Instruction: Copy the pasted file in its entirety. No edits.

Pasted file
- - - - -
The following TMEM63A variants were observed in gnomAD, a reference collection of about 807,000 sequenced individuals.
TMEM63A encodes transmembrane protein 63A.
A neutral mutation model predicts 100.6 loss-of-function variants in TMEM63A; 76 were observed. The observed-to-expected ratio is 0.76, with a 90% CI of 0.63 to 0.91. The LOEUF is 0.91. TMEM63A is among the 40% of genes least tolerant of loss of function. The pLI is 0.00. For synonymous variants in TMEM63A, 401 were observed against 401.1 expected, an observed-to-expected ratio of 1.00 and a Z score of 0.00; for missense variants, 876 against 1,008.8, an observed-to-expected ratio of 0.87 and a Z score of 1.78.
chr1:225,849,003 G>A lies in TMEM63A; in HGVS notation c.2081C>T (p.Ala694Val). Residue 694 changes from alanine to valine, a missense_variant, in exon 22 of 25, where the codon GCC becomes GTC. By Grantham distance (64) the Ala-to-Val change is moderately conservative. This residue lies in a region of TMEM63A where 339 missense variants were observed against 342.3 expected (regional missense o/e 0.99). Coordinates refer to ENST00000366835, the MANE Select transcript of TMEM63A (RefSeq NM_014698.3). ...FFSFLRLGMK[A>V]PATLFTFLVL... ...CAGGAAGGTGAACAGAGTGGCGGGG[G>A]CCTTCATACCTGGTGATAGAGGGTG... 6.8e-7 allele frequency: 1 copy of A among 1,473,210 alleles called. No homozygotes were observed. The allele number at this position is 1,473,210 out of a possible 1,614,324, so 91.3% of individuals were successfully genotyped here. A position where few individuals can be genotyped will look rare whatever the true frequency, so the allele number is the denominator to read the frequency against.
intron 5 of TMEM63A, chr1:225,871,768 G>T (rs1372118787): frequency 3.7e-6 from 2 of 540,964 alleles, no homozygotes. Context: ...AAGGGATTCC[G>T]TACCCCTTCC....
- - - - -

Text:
The following TMEM63A variants were observed in gnomAD, a reference collection of about 807,000 sequenced individuals.
TMEM63A encodes transmembrane protein 63A.
A neutral mutation model predicts 100.6 loss-of-function variants in TMEM63A; 76 were observed. The observed-to-expected ratio is 0.76, with a 90% CI of 0.63 to 0.91. The LOEUF is 0.91. TMEM63A is among the 40% of genes least tolerant of loss of function. The pLI is 0.00. For synonymous variants in TMEM63A, 401 were observed against 401.1 expected, an observed-to-expected ratio of 1.00 and a Z score of 0.00; for missense variants, 876 against 1,008.8, an observed-to-expected ratio of 0.87 and a Z score of 1.78.
chr1:225,849,003 G>A lies in TMEM63A; in HGVS notation c.2081C>T (p.Ala694Val). Residue 694 changes from alanine to valine, a missense_variant, in exon 22 of 25, where the codon GCC becomes GTC. By Grantham distance (64) the Ala-to-Val change is moderately conservative. This residue lies in a region of TMEM63A where 339 missense variants were observed against 342.3 expected (regional missense o/e 0.99). Coordinates refer to ENST00000366835, the MANE Select transcript of TMEM63A (RefSeq NM_014698.3). ...FFSFLRLGMK[A>V]PATLFTFLVL... ...CAGGAAGGTGAACAGAGTGGCGGGG[G>A]CCTTCATACCTGGTGATAGAGGGTG... 6.8e-7 allele frequency: 1 copy of A among 1,473,210 alleles called. No homozygotes were observed. The allele number at this position is 1,473,210 out of a possible 1,614,324, so 91.3% of individuals were successfully genotyped here. A position where few individuals can be genotyped will look rare whatever the true frequency, so the allele number is the denominator to read the frequency against.
intron 5 of TMEM63A, chr1:225,871,768 G>T (rs1372118787): frequency 3.7e-6 from 2 of 540,964 alleles, no homozygotes. Context: ...AAGGGATTCC[G>T]TACCCCTTCC....